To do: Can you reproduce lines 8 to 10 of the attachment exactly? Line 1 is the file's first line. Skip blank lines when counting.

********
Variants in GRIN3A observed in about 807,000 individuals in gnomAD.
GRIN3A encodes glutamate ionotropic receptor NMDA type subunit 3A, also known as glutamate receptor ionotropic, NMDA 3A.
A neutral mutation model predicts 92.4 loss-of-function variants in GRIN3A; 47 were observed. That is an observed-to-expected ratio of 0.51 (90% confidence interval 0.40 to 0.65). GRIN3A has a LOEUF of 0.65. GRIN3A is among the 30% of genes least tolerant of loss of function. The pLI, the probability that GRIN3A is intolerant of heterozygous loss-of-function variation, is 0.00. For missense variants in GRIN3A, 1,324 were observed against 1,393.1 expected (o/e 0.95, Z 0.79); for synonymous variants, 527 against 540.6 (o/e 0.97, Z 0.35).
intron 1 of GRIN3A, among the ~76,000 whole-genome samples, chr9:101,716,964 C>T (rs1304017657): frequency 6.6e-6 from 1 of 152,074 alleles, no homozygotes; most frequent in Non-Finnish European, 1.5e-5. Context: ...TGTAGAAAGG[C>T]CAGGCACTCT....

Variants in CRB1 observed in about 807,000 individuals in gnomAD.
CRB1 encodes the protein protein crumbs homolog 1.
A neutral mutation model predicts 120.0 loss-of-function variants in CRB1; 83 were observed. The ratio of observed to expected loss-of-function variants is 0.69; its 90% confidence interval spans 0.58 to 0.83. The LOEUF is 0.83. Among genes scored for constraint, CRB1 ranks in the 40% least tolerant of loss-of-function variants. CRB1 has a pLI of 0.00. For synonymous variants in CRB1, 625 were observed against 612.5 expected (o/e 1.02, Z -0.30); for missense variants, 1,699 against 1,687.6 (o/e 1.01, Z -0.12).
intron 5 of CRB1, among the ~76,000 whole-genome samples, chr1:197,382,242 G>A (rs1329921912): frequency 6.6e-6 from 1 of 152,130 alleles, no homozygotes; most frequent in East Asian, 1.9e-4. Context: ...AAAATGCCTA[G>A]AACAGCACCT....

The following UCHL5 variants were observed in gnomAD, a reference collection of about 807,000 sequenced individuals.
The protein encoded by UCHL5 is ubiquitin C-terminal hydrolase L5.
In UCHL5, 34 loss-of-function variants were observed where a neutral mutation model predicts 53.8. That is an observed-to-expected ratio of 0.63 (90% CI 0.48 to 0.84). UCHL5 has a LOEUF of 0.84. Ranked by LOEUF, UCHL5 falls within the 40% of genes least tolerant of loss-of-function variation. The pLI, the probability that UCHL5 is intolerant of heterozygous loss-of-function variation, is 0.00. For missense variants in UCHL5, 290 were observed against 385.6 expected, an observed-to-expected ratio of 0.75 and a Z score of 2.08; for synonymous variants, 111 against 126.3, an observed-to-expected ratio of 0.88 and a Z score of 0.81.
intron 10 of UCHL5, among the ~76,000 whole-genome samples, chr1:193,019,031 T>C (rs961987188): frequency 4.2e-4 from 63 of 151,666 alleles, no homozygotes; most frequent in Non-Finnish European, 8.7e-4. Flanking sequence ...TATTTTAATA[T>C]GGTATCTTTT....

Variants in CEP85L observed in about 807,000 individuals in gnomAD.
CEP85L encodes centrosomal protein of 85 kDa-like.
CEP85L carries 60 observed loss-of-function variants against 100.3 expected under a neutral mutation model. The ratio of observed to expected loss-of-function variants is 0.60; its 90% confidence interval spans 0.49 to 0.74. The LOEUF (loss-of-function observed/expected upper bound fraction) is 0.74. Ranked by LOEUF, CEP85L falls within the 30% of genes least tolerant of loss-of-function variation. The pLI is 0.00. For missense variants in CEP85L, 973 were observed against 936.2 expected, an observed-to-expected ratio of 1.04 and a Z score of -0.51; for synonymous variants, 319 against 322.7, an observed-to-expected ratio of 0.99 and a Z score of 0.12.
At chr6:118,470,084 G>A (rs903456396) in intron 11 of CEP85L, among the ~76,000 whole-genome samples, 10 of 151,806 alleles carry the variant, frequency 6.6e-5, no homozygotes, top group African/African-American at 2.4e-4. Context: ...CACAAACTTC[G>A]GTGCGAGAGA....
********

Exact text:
intron 5 of CRB1, among the ~76,000 whole-genome samples, chr1:197,382,242 G>A (rs1329921912): frequency 6.6e-6 from 1 of 152,130 alleles, no homozygotes; most frequent in East Asian, 1.9e-4. Context: ...AAAATGCCTA[G>A]AACAGCACCT....

The following UCHL5 variants were observed in gnomAD, a reference collection of about 807,000 sequenced individuals.
The protein encoded by UCHL5 is ubiquitin C-terminal hydrolase L5.